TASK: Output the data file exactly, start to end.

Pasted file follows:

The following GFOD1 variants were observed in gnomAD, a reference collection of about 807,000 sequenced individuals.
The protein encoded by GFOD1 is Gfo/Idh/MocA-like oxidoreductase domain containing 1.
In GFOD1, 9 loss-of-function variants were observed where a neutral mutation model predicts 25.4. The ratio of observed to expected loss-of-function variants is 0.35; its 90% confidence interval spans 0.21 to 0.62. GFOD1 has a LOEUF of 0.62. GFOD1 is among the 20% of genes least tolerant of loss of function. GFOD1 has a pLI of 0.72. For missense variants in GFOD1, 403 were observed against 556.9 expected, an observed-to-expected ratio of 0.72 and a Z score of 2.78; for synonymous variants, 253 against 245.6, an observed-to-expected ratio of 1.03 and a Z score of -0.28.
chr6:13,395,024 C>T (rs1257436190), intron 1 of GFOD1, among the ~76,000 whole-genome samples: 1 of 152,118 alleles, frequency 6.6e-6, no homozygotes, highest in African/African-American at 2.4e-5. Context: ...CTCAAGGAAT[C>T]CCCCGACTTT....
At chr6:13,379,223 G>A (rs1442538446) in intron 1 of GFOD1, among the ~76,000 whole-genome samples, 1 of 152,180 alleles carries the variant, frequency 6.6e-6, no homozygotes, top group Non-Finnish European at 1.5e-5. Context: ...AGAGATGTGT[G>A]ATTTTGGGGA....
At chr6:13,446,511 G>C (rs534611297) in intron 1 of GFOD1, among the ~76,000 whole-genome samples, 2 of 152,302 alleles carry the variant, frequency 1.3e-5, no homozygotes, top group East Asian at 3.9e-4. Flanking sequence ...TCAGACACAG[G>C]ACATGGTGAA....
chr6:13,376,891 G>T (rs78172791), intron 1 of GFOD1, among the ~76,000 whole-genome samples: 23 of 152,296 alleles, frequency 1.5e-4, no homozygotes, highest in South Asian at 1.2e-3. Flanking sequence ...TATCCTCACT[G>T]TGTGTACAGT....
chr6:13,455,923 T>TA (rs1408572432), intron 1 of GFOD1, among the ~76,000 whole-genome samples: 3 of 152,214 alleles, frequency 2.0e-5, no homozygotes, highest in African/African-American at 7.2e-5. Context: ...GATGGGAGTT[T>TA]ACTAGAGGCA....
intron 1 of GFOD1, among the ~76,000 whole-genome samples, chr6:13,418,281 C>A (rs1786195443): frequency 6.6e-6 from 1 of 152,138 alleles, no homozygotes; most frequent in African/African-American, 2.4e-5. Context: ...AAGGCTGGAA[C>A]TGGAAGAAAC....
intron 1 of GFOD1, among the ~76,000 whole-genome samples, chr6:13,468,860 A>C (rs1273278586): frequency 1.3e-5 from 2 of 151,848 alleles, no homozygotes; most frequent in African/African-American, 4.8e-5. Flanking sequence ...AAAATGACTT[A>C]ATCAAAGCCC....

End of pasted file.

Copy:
The following GFOD1 variants were observed in gnomAD, a reference collection of about 807,000 sequenced individuals.
The protein encoded by GFOD1 is Gfo/Idh/MocA-like oxidoreductase domain containing 1.
In GFOD1, 9 loss-of-function variants were observed where a neutral mutation model predicts 25.4. The ratio of observed to expected loss-of-function variants is 0.35; its 90% confidence interval spans 0.21 to 0.62. GFOD1 has a LOEUF of 0.62. GFOD1 is among the 20% of genes least tolerant of loss of function. GFOD1 has a pLI of 0.72. For missense variants in GFOD1, 403 were observed against 556.9 expected, an observed-to-expected ratio of 0.72 and a Z score of 2.78; for synonymous variants, 253 against 245.6, an observed-to-expected ratio of 1.03 and a Z score of -0.28.
chr6:13,395,024 C>T (rs1257436190), intron 1 of GFOD1, among the ~76,000 whole-genome samples: 1 of 152,118 alleles, frequency 6.6e-6, no homozygotes, highest in African/African-American at 2.4e-5. Context: ...CTCAAGGAAT[C>T]CCCCGACTTT....
At chr6:13,379,223 G>A (rs1442538446) in intron 1 of GFOD1, among the ~76,000 whole-genome samples, 1 of 152,180 alleles carries the variant, frequency 6.6e-6, no homozygotes, top group Non-Finnish European at 1.5e-5. Context: ...AGAGATGTGT[G>A]ATTTTGGGGA....
At chr6:13,446,511 G>C (rs534611297) in intron 1 of GFOD1, among the ~76,000 whole-genome samples, 2 of 152,302 alleles carry the variant, frequency 1.3e-5, no homozygotes, top group East Asian at 3.9e-4. Flanking sequence ...TCAGACACAG[G>C]ACATGGTGAA....
chr6:13,376,891 G>T (rs78172791), intron 1 of GFOD1, among the ~76,000 whole-genome samples: 23 of 152,296 alleles, frequency 1.5e-4, no homozygotes, highest in South Asian at 1.2e-3. Flanking sequence ...TATCCTCACT[G>T]TGTGTACAGT....
chr6:13,455,923 T>TA (rs1408572432), intron 1 of GFOD1, among the ~76,000 whole-genome samples: 3 of 152,214 alleles, frequency 2.0e-5, no homozygotes, highest in African/African-American at 7.2e-5. Context: ...GATGGGAGTT[T>TA]ACTAGAGGCA....
intron 1 of GFOD1, among the ~76,000 whole-genome samples, chr6:13,418,281 C>A (rs1786195443): frequency 6.6e-6 from 1 of 152,138 alleles, no homozygotes; most frequent in African/African-American, 2.4e-5. Context: ...AAGGCTGGAA[C>A]TGGAAGAAAC....
intron 1 of GFOD1, among the ~76,000 whole-genome samples, chr6:13,468,860 A>C (rs1273278586): frequency 1.3e-5 from 2 of 151,848 alleles, no homozygotes; most frequent in African/African-American, 4.8e-5. Flanking sequence ...AAAATGACTT[A>C]ATCAAAGCCC....